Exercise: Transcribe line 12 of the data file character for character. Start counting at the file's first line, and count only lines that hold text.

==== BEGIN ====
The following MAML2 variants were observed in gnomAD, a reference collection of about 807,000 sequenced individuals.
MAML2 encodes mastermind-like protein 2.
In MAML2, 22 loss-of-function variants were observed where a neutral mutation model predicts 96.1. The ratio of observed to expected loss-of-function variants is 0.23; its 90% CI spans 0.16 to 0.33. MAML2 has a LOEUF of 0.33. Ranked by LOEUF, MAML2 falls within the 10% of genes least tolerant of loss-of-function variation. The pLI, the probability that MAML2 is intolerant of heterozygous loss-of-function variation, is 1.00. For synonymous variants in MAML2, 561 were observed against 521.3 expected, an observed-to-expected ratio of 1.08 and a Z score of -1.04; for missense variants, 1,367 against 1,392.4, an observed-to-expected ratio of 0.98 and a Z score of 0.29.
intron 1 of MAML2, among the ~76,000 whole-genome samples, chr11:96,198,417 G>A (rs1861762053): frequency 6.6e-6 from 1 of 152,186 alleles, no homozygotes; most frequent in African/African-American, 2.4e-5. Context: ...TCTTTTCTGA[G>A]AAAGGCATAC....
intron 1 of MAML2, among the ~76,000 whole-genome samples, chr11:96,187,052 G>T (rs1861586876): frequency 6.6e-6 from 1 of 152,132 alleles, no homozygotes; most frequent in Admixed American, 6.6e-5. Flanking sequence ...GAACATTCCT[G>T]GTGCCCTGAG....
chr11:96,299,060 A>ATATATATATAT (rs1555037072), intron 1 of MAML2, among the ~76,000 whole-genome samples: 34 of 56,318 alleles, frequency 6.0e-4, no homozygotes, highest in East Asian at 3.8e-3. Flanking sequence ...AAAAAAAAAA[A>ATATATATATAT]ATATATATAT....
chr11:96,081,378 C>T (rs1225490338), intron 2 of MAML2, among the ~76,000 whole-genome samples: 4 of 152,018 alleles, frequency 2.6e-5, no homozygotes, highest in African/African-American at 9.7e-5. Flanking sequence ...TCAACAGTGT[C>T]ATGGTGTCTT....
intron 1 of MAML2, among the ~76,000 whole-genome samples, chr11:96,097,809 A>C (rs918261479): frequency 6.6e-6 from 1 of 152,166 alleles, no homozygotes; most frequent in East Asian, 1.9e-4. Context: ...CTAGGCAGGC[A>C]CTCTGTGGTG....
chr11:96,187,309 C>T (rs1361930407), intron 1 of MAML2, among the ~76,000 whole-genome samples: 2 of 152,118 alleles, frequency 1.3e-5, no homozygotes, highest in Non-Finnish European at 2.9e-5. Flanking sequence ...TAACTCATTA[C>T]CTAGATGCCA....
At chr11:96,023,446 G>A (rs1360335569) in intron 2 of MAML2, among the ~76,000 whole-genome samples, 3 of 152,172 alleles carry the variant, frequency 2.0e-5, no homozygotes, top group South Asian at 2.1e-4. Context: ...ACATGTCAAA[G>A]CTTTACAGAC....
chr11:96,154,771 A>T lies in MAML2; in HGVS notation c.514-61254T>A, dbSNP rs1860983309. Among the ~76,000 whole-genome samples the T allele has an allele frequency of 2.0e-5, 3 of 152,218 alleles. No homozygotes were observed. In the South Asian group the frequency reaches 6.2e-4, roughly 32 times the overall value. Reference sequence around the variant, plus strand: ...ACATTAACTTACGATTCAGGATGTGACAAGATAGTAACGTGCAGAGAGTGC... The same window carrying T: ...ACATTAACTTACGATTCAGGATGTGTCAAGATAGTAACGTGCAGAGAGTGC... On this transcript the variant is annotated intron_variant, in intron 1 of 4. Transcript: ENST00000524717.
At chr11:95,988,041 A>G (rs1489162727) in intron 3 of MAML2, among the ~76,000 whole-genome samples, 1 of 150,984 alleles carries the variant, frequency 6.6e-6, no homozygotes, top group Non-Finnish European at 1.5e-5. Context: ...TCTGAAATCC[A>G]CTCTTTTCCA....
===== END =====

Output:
At chr11:95,988,041 A>G (rs1489162727) in intron 3 of MAML2, among the ~76,000 whole-genome samples, 1 of 150,984 alleles carries the variant, frequency 6.6e-6, no homozygotes, top group Non-Finnish European at 1.5e-5. Context: ...TCTGAAATCC[A>G]CTCTTTTCCA....